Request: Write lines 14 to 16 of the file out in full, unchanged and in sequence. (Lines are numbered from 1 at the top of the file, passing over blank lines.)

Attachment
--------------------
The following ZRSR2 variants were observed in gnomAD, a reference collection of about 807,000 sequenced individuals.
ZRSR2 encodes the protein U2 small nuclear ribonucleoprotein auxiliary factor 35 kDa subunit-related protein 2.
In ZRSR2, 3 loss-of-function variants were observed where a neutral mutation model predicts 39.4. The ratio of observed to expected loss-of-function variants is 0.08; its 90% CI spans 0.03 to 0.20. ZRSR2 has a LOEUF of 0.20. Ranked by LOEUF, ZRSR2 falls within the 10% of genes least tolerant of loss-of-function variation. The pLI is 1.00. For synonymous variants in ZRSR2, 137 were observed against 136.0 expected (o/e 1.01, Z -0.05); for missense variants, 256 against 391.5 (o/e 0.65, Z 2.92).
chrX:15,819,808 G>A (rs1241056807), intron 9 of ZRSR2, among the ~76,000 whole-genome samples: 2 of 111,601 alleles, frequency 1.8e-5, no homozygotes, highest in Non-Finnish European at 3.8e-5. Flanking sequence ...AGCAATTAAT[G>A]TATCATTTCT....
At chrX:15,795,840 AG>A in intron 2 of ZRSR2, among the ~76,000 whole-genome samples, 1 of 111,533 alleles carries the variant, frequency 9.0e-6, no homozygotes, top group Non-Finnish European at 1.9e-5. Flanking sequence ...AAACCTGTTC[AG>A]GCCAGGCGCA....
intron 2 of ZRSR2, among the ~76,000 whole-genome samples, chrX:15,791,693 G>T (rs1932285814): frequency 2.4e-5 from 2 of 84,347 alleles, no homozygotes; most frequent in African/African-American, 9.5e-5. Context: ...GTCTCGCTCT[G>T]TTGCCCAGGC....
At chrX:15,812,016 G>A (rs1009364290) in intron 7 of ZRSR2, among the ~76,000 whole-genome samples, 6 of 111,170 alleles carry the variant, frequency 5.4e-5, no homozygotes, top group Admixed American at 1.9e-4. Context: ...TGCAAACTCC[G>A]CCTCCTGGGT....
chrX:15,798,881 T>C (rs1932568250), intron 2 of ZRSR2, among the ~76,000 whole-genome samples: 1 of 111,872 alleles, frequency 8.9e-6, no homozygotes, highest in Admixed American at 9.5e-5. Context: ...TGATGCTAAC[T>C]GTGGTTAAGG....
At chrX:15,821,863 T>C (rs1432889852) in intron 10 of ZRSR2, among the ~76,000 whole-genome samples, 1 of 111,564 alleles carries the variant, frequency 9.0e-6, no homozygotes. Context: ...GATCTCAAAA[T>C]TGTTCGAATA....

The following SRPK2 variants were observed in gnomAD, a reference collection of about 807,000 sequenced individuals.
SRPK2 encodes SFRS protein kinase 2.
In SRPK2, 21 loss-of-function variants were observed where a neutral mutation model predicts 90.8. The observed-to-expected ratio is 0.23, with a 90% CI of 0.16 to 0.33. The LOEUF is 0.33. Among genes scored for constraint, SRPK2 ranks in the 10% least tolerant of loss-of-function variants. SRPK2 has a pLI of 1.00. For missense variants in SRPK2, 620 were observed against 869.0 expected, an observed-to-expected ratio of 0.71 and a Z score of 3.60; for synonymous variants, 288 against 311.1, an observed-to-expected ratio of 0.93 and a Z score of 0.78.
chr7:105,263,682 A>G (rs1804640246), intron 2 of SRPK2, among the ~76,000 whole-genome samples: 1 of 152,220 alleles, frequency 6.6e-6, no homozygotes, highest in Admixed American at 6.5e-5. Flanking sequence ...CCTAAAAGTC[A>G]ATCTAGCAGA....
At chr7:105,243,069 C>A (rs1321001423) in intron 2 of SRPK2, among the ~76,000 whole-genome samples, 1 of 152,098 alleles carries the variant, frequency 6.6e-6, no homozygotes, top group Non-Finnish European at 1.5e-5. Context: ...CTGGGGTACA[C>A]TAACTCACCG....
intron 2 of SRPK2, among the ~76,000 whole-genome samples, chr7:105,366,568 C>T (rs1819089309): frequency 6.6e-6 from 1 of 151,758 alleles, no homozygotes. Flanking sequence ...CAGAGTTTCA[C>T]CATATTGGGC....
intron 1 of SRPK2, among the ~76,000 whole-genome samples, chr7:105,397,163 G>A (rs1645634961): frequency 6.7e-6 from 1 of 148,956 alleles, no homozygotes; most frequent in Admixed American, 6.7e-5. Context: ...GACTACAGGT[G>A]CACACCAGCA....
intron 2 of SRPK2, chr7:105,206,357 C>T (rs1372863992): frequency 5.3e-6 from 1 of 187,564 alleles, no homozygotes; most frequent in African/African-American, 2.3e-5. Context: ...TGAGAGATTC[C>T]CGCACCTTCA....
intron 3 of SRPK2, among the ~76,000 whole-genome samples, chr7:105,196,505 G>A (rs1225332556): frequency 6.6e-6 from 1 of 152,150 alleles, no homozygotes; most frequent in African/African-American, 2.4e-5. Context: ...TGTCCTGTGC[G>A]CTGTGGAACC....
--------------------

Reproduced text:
At chr7:105,243,069 C>A (rs1321001423) in intron 2 of SRPK2, among the ~76,000 whole-genome samples, 1 of 152,098 alleles carries the variant, frequency 6.6e-6, no homozygotes, top group Non-Finnish European at 1.5e-5. Context: ...CTGGGGTACA[C>A]TAACTCACCG....
intron 2 of SRPK2, among the ~76,000 whole-genome samples, chr7:105,366,568 C>T (rs1819089309): frequency 6.6e-6 from 1 of 151,758 alleles, no homozygotes. Flanking sequence ...CAGAGTTTCA[C>T]CATATTGGGC....
intron 1 of SRPK2, among the ~76,000 whole-genome samples, chr7:105,397,163 G>A (rs1645634961): frequency 6.7e-6 from 1 of 148,956 alleles, no homozygotes; most frequent in Admixed American, 6.7e-5. Context: ...GACTACAGGT[G>A]CACACCAGCA....